An ad’s goal is to communicate that promise. It strives to effectively relay that message. A successful ad campaign clearly communicates the promise, doing so in a believable way and in a manner that is both captivating and personally meaningful. Sometimes the message is overt, sometimes it’s much less conspicuous. Either can be effective.

Creating and maintaining great brands isn’t easy. Scott Lerman of Lucid Brands has a good description of what’s involved. The establishment of a great brand requires unifying and leveraging “an astounding array of people—leaders, followers, scientists, artists, magicians (consultants), engineers, establishmentarians, and revolutionaries.” Because of this, lots of brands are okay. Fewer are good. Relatively few are great. The hallmark of a great brand is that it makes great promises, then over-delivers. Only a small percentage can truly make that claim.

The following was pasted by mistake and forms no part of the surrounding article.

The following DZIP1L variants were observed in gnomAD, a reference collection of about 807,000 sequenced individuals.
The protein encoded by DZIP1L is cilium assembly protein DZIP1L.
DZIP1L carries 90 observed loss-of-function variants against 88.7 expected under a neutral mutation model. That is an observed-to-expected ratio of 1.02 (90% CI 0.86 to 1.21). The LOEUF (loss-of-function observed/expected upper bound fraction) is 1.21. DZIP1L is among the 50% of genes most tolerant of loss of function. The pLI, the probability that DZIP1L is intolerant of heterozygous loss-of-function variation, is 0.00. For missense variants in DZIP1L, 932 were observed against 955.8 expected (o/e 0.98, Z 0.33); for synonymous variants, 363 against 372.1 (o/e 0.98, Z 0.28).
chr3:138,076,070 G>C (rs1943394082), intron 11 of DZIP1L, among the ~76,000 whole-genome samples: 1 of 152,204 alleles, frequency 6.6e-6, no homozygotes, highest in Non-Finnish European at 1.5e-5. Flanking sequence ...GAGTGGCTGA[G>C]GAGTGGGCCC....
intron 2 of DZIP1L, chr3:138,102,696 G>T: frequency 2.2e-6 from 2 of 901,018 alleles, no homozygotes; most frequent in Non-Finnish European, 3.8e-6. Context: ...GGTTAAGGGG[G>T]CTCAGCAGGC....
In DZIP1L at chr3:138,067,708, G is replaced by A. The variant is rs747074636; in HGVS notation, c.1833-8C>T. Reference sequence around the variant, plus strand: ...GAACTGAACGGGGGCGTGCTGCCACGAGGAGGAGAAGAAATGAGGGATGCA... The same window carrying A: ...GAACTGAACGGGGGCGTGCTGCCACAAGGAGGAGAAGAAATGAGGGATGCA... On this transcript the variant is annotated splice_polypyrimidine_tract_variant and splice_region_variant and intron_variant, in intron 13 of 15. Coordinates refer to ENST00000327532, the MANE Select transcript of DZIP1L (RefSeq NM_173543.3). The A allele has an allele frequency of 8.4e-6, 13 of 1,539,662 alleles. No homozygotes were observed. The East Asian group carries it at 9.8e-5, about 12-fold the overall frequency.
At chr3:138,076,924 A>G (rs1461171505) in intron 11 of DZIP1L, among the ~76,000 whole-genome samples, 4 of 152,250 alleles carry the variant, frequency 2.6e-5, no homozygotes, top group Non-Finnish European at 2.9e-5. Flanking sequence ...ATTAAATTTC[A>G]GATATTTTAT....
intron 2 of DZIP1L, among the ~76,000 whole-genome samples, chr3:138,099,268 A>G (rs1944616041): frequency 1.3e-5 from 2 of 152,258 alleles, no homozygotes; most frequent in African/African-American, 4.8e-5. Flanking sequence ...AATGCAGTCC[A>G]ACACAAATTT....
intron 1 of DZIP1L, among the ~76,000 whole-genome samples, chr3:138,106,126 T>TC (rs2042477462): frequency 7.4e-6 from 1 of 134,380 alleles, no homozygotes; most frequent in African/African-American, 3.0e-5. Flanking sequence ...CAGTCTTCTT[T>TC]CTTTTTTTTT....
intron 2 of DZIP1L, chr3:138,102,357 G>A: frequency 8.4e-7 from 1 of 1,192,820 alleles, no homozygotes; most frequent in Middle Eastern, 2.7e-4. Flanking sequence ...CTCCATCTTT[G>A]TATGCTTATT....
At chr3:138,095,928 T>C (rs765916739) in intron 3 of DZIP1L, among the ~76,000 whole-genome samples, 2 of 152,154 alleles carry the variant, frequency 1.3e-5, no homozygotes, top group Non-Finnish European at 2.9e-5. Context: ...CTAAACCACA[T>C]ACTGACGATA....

All promises, broken or fulfilled, establish a personal relationship. It’s no different with a brand than with a person. You may notice a difference in discussions with friends about the brands and products they admire. When talking about an okay brand, assuming that they talk about it at all, they’ll talk about the product. When talking about a truly great brand, one to which they pledge allegiance, they talk not just about the product, but also talk about the people behind it, regardless of whether they know who those people are. Because they know there had to be someone who was thinking, who understands us, who cares! The promise wasn’t just on target with their needs, the promise was exceeded. And we, as human beings, love that.